Overall, trypanosomes were detected in 55.3% of samples. Of the 1162 samples that could be identified to species (or putative species), T. vegrandis was the most common (32.5%), followed by T. copemani (23.9%), T. noyesi (7.5%), Trypanosoma sp. ANU2 (2.3%) and T. gilletti (0.6%). Trypanosoma sp. ANU2 and T. gilletti were only found in woylies originating from, or trapped within, the Upper Warren region (Additional file 1: Tables S3-S5). Piroplasms were highly prevalent (93.6%) in the subset of samples we tested (translocated woylies only). Theileria penicillata was identified in 73.5% of samples, while Th. apogeana genotype ANO2 (16.3%) and Babesia sp. (4.5%) were comparatively rare. Theileria apogeana genotype ANO2 was common in translocated woylies originating from Perup Sanctuary, but rare outside of the reserve (Additional file 1: Tables S3-S5). Babesia sp. was infrequently detected in woylies originating from Perup Sanctuary (n = 1, Walcott) and was predominantly isolated in woylies obtained from wild Upper Warren sites (Additional file 1: Table S3). A Bodo species (Bodo sp. ANO4) was detected in a single woylie from Perup Sanctuary.
Effect of site on haemoparasite prevalence
In translocated and resident woylies, both T. copemani and T. vegrandis prevalence differed significantly between sites (Table 1). In translocated woylies, T. copemani prevalence was markedly higher in Dryandra than in Walcott or Warrup East, whereas T. vegrandis prevalence was much lower in Warrup East than the other sites (Fig. 2a). In resident woylies, both T. copemani and T. vegrandis prevalence were on average highest within Walcott (particularly T. vegrandis) and lowest within Dryandra (Fig. 2b). There were no differences in Th. penicillata prevalence in translocated hosts among sites (Table 1).
Effect of time since translocation on haemoparasite prevalence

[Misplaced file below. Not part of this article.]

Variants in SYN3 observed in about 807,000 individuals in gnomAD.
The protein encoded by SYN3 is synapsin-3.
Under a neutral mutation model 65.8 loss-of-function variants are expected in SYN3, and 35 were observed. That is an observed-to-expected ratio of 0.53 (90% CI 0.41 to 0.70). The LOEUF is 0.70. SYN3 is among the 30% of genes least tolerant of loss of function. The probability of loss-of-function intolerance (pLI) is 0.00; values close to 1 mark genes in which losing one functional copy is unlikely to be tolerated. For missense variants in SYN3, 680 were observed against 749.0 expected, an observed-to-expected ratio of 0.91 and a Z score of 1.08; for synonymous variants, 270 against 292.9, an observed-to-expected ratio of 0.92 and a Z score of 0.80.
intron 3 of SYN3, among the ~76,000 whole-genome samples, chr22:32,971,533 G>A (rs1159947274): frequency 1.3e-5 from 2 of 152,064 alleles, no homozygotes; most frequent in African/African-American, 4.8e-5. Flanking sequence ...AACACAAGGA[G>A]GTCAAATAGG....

In translocated woylies, T. copemani prevalence increased in all sites with TST, while T. vegrandis prevalence increased in all sites except Warrup East, leading to a significant interaction between TST and site for this species (Table 1, Fig. 3a, b). In resident woylies, the prevalence of T. copemani, but not T. vegrandis, decreased with TST (Table 1, Fig. 3c, d).
In translocated woylies, there was a significant interaction between TST and site for Th. penicillata (Table 1), with prevalence increasing over time in Walcott and Warrup East, while remaining high within Dryandra (Fig. 4).
Haemoparasite community structure in translocated and resident woylies
In translocated and resident woylies, Trypanosoma spp. richness differed significantly between sites (Table 1, Fig. 5); being highest (on average) within Walcott. In translocated woylies, Trypanosoma spp. richness was higher in Dryandra compared to Warrup East, while in resident woylies, Warrup East had a higher species richness than Dryandra. In Trypanosoma-positive woylies, Trypanosoma spp. polyparasitism was identified in 24% of cases. The maximum number of haemoparasites (including piroplasms) identified in a single host was four (Walcott translocated group; Table 2). In translocated woylies, Trypanosoma spp. richness increased with TST (Table 1, Fig. 5a) and the prevalence of haemoparasite co-infection increased from 40% to 63% following translocation. There was no effect of TST on Trypanosoma spp. richness in resident woylies (Table 1).